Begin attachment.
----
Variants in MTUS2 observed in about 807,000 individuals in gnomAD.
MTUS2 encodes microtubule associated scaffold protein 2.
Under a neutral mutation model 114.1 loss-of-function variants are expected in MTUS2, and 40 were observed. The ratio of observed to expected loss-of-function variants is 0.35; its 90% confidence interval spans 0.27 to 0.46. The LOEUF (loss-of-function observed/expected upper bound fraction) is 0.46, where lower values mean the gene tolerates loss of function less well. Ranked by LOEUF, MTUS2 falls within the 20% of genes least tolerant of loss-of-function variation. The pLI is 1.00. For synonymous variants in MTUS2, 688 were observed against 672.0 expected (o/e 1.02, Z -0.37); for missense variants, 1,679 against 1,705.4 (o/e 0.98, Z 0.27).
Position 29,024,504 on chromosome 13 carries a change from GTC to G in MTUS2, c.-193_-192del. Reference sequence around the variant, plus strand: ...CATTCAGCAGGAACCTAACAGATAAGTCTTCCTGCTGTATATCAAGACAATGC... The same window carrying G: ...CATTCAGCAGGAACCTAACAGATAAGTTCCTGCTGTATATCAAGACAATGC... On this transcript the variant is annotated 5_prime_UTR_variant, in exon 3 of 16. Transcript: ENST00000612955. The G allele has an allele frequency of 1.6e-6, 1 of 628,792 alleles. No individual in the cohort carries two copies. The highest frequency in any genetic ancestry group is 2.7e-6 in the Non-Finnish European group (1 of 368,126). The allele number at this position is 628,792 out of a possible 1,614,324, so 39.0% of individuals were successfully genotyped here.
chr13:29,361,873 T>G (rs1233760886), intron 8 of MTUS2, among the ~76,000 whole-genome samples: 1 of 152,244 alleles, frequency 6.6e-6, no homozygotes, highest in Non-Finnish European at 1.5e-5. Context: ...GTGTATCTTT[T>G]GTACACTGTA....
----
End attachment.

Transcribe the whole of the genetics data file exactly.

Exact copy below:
Variants in MTUS2 observed in about 807,000 individuals in gnomAD.
MTUS2 encodes microtubule associated scaffold protein 2.
Under a neutral mutation model 114.1 loss-of-function variants are expected in MTUS2, and 40 were observed. The ratio of observed to expected loss-of-function variants is 0.35; its 90% confidence interval spans 0.27 to 0.46. The LOEUF (loss-of-function observed/expected upper bound fraction) is 0.46, where lower values mean the gene tolerates loss of function less well. Ranked by LOEUF, MTUS2 falls within the 20% of genes least tolerant of loss-of-function variation. The pLI is 1.00. For synonymous variants in MTUS2, 688 were observed against 672.0 expected (o/e 1.02, Z -0.37); for missense variants, 1,679 against 1,705.4 (o/e 0.98, Z 0.27).
Position 29,024,504 on chromosome 13 carries a change from GTC to G in MTUS2, c.-193_-192del. Reference sequence around the variant, plus strand: ...CATTCAGCAGGAACCTAACAGATAAGTCTTCCTGCTGTATATCAAGACAATGC... The same window carrying G: ...CATTCAGCAGGAACCTAACAGATAAGTTCCTGCTGTATATCAAGACAATGC... On this transcript the variant is annotated 5_prime_UTR_variant, in exon 3 of 16. Transcript: ENST00000612955. The G allele has an allele frequency of 1.6e-6, 1 of 628,792 alleles. No individual in the cohort carries two copies. The highest frequency in any genetic ancestry group is 2.7e-6 in the Non-Finnish European group (1 of 368,126). The allele number at this position is 628,792 out of a possible 1,614,324, so 39.0% of individuals were successfully genotyped here.
chr13:29,361,873 T>G (rs1233760886), intron 8 of MTUS2, among the ~76,000 whole-genome samples: 1 of 152,244 alleles, frequency 6.6e-6, no homozygotes, highest in Non-Finnish European at 1.5e-5. Context: ...GTGTATCTTT[T>G]GTACACTGTA....